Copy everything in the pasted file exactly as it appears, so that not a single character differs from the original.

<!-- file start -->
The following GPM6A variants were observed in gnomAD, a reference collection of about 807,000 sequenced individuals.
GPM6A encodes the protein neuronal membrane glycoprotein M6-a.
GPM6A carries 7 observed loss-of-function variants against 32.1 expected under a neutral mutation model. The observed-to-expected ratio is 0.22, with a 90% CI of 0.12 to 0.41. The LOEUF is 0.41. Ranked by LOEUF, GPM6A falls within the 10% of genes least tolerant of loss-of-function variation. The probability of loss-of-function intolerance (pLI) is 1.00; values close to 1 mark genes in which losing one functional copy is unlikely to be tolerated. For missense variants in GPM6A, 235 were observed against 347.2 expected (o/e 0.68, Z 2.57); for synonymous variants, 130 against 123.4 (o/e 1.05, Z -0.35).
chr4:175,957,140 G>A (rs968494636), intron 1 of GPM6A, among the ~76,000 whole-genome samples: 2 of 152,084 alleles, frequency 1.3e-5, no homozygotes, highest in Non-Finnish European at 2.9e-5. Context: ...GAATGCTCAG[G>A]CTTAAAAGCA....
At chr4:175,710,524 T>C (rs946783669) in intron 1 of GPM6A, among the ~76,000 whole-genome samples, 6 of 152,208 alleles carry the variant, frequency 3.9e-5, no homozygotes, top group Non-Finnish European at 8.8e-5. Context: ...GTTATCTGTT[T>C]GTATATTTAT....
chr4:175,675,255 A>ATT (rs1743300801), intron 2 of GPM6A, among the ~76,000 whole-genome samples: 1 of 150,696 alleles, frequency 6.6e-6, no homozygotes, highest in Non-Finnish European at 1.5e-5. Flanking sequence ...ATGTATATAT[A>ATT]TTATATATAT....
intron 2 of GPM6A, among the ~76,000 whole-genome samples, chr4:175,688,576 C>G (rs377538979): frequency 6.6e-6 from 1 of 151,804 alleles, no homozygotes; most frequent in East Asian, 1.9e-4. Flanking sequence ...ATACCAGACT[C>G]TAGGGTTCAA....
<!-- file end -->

The following GPM6A variants were observed in gnomAD, a reference collection of about 807,000 sequenced individuals.
GPM6A encodes the protein neuronal membrane glycoprotein M6-a.
GPM6A carries 7 observed loss-of-function variants against 32.1 expected under a neutral mutation model. The observed-to-expected ratio is 0.22, with a 90% CI of 0.12 to 0.41. The LOEUF is 0.41. Ranked by LOEUF, GPM6A falls within the 10% of genes least tolerant of loss-of-function variation. The probability of loss-of-function intolerance (pLI) is 1.00; values close to 1 mark genes in which losing one functional copy is unlikely to be tolerated. For missense variants in GPM6A, 235 were observed against 347.2 expected (o/e 0.68, Z 2.57); for synonymous variants, 130 against 123.4 (o/e 1.05, Z -0.35).
chr4:175,957,140 G>A (rs968494636), intron 1 of GPM6A, among the ~76,000 whole-genome samples: 2 of 152,084 alleles, frequency 1.3e-5, no homozygotes, highest in Non-Finnish European at 2.9e-5. Context: ...GAATGCTCAG[G>A]CTTAAAAGCA....
At chr4:175,710,524 T>C (rs946783669) in intron 1 of GPM6A, among the ~76,000 whole-genome samples, 6 of 152,208 alleles carry the variant, frequency 3.9e-5, no homozygotes, top group Non-Finnish European at 8.8e-5. Context: ...GTTATCTGTT[T>C]GTATATTTAT....
chr4:175,675,255 A>ATT (rs1743300801), intron 2 of GPM6A, among the ~76,000 whole-genome samples: 1 of 150,696 alleles, frequency 6.6e-6, no homozygotes, highest in Non-Finnish European at 1.5e-5. Flanking sequence ...ATGTATATAT[A>ATT]TTATATATAT....
intron 2 of GPM6A, among the ~76,000 whole-genome samples, chr4:175,688,576 C>G (rs377538979): frequency 6.6e-6 from 1 of 151,804 alleles, no homozygotes; most frequent in East Asian, 1.9e-4. Flanking sequence ...ATACCAGACT[C>G]TAGGGTTCAA....